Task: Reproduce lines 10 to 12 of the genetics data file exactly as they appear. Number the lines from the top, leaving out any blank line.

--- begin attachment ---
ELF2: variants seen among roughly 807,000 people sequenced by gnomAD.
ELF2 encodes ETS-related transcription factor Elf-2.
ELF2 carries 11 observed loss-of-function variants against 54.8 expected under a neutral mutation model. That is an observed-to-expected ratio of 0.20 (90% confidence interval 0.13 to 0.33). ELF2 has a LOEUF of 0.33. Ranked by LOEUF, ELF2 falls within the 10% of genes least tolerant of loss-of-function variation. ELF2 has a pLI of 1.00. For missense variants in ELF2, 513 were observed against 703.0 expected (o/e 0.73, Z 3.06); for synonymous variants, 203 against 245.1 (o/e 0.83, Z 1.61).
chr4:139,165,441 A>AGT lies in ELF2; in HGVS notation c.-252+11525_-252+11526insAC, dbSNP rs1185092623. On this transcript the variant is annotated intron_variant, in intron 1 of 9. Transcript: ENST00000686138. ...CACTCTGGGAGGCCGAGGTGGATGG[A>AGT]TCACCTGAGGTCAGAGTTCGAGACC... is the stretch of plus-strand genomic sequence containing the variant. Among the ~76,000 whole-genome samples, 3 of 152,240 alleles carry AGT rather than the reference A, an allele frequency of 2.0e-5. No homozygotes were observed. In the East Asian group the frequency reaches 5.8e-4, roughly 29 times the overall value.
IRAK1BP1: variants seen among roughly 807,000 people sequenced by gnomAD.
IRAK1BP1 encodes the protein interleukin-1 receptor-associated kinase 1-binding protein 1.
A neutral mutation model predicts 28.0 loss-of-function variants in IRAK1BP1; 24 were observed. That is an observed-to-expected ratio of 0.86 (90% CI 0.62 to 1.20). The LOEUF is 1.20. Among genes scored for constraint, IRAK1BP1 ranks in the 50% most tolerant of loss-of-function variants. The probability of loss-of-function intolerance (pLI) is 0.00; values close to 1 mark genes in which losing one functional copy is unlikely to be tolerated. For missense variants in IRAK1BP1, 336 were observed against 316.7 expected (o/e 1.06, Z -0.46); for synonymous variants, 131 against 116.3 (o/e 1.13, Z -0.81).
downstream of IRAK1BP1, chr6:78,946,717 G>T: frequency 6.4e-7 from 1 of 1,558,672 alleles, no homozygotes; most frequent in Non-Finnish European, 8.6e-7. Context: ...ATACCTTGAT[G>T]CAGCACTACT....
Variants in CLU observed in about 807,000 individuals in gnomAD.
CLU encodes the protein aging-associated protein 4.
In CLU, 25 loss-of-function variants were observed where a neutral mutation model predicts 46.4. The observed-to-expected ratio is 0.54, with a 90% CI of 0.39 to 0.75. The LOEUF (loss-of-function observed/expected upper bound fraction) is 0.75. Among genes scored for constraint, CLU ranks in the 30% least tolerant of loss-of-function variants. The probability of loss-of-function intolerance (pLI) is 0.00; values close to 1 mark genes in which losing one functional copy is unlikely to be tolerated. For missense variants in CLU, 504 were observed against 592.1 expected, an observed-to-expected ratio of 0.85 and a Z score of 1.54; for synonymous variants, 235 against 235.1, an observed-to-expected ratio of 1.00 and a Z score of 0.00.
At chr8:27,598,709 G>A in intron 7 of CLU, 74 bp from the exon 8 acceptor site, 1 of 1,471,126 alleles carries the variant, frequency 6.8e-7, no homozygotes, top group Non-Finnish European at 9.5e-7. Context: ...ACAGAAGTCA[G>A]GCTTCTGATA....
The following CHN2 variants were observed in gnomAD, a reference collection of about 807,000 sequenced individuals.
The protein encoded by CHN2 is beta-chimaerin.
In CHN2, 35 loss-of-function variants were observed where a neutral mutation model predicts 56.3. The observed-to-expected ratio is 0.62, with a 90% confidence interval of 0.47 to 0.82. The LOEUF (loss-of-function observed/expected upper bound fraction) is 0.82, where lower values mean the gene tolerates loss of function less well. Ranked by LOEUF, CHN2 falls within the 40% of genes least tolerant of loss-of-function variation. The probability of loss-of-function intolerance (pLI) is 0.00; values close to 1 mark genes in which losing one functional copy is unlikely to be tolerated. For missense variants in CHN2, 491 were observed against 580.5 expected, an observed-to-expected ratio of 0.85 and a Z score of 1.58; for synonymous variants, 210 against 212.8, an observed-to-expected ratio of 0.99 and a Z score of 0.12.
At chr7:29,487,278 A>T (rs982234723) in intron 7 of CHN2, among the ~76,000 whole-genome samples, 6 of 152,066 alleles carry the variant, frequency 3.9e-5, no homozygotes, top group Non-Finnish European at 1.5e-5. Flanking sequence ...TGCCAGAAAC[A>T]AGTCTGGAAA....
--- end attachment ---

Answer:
CLU encodes the protein aging-associated protein 4.
In CLU, 25 loss-of-function variants were observed where a neutral mutation model predicts 46.4. The observed-to-expected ratio is 0.54, with a 90% CI of 0.39 to 0.75. The LOEUF (loss-of-function observed/expected upper bound fraction) is 0.75. Among genes scored for constraint, CLU ranks in the 30% least tolerant of loss-of-function variants. The probability of loss-of-function intolerance (pLI) is 0.00; values close to 1 mark genes in which losing one functional copy is unlikely to be tolerated. For missense variants in CLU, 504 were observed against 592.1 expected, an observed-to-expected ratio of 0.85 and a Z score of 1.54; for synonymous variants, 235 against 235.1, an observed-to-expected ratio of 1.00 and a Z score of 0.00.
At chr8:27,598,709 G>A in intron 7 of CLU, 74 bp from the exon 8 acceptor site, 1 of 1,471,126 alleles carries the variant, frequency 6.8e-7, no homozygotes, top group Non-Finnish European at 9.5e-7. Context: ...ACAGAAGTCA[G>A]GCTTCTGATA....